Credit conditions are worsening, as the disruptions caused by the coronavirus outbreak are pushing the global economy into a deep recession and recovery remains uncertain.
“Extended coronavirus-containment measures are pushing the world into the deepest recession since the Great Depression,” S&P said in a report.
“Although we expect the drop in economic activity to be sharp but fairly short, the path to recovery remains very uncertain in its timing and trajectory, until an effective treatment or vaccine are in place,” the report added.
The ratings agency now expects global gross domestic product (GDP) to shrink 2.3 percent this year, far worse than the March estimate of 0.4 percent. Except for China, many major economies would be hit worst in April to June.
Slow recovery is anticipated through the second half of the year before gathering strength into 2021.
Effect on ratings
According to S&P, in any deep recession or credit crunch, the effect on ratings is more pronounced on lower-rated issuers.
These issuers generally have weaker business characteristics, higher leverage entering the crisis, less financial flexibility and less liquidity to deal with the crisis.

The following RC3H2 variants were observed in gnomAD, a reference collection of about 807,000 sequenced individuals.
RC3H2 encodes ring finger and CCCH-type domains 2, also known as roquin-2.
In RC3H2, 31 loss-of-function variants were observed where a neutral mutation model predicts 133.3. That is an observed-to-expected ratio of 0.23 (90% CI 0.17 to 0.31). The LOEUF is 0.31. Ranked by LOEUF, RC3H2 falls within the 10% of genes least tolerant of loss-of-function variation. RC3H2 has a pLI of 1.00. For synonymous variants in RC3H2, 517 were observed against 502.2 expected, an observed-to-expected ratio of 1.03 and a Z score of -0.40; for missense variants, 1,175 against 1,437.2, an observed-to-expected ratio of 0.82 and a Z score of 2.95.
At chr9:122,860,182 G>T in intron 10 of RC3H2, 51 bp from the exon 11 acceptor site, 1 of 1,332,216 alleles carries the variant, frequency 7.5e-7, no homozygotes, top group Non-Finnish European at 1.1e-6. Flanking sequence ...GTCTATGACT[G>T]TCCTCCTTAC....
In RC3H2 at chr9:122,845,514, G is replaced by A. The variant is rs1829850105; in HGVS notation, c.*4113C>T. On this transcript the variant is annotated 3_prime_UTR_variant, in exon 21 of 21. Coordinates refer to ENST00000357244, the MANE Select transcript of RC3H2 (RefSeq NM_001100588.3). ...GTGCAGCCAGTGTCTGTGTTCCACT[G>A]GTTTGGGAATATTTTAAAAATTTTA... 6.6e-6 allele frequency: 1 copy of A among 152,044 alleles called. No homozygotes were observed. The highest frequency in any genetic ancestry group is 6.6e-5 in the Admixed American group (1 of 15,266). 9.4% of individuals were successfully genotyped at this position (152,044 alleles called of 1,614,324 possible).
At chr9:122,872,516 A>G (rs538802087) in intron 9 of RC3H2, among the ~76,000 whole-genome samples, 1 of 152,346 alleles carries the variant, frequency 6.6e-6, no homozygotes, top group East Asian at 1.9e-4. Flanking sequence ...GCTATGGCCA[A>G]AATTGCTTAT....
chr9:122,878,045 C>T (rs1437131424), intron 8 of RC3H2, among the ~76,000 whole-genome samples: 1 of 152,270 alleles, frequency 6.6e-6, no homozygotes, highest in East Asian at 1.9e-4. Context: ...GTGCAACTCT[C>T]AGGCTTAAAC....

The shape of the recovery will differ significantly by industry. S&P has weaker key assumptions for next year and potentially beyond for the following sectors:
• traditional retailers, retail real estate, movie theater owners
• airlines, hotels
• autos, discretionary consumer goods
• midstream, oil services
Banks are resilient but not immune according to the report.
“Banks entered the crisis with strong balance sheets and are generally expected to show resilience, but they aren’t immune to the longer-term economic implications,” S&P said.
For insurers, capital is king. Insurers with thinner capital buffers and those more exposed to financial-market volatility have accounted for most of the negative rating actions in the past two months, the report said.
“In aggregate, we continue to expect insurance claims to be manageable and future downside pressure will stem from a prolonged macro-economic recovery, even lower for even longer interest rates, outsized exposures to spec-grade and ‘BBB’ rated bonds and any further financial market deterioration,” S&P said.
Severe shock in emerging markets
In emerging markets, social-distancing measures, combined with extended lockdowns in developed economies, are deepening the economic shock.
According to the report, risk aversion triggered unprecedented capital outflows, tightened financing conditions and pressured currencies.
“Risks remain firmly on the downside; longer lockdowns could severely hurt household income, corporate liquidity and banks’ asset quality,” S&P said.